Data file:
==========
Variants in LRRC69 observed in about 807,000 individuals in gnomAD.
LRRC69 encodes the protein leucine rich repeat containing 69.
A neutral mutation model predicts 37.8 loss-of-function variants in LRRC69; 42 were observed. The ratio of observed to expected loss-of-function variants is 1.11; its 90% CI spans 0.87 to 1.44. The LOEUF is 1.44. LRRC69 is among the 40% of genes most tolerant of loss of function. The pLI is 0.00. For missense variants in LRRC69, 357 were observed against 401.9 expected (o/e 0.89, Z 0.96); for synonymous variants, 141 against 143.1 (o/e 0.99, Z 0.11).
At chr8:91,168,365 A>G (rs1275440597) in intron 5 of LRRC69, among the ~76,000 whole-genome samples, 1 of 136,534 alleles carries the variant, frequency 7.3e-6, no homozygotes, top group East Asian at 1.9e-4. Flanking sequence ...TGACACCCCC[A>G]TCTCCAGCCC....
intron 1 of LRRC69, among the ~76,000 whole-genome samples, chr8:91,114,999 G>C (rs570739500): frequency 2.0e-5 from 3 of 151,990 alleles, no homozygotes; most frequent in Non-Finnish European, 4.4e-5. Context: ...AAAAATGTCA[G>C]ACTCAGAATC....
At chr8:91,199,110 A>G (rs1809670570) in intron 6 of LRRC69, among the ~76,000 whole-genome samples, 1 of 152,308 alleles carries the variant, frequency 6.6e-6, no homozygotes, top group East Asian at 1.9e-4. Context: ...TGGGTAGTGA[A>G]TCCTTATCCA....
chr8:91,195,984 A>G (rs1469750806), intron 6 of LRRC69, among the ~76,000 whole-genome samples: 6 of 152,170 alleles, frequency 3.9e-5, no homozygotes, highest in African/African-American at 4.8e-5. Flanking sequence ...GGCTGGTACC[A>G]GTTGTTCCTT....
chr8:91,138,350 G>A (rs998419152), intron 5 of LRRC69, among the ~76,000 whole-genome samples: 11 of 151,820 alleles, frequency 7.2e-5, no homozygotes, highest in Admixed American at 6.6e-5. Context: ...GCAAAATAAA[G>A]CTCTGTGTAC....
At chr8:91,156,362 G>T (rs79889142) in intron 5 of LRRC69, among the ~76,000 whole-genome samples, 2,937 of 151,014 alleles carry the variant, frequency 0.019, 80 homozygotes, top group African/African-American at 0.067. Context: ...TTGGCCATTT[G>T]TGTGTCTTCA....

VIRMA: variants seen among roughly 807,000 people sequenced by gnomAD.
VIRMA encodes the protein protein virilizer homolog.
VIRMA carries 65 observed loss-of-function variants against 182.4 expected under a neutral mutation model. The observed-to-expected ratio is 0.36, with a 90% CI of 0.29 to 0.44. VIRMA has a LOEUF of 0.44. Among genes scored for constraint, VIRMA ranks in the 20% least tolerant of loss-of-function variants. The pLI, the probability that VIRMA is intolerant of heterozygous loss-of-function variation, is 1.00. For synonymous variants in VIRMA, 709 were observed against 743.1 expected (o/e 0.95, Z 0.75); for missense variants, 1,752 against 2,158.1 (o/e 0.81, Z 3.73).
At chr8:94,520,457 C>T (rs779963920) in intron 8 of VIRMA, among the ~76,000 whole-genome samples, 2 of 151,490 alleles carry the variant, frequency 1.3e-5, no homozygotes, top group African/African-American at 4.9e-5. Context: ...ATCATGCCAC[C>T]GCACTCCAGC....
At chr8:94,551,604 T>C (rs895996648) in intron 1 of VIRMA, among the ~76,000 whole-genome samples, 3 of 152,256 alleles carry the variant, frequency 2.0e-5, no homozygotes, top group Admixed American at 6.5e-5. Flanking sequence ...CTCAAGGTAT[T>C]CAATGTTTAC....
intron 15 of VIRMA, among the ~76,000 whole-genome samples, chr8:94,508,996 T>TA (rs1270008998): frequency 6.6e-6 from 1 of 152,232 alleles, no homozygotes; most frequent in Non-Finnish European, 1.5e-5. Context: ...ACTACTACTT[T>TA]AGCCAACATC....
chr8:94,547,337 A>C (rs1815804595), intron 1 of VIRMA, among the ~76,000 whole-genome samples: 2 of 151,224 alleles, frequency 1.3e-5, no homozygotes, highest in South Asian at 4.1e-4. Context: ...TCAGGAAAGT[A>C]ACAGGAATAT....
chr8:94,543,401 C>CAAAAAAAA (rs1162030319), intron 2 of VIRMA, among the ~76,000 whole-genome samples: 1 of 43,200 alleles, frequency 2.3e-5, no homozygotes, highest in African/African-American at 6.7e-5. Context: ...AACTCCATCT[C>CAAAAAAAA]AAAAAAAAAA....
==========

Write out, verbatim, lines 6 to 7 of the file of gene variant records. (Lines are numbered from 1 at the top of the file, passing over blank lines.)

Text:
At chr8:91,199,110 A>G (rs1809670570) in intron 6 of LRRC69, among the ~76,000 whole-genome samples, 1 of 152,308 alleles carries the variant, frequency 6.6e-6, no homozygotes, top group East Asian at 1.9e-4. Context: ...TGGGTAGTGA[A>G]TCCTTATCCA....
chr8:91,195,984 A>G (rs1469750806), intron 6 of LRRC69, among the ~76,000 whole-genome samples: 6 of 152,170 alleles, frequency 3.9e-5, no homozygotes, highest in African/African-American at 4.8e-5. Flanking sequence ...GGCTGGTACC[A>G]GTTGTTCCTT....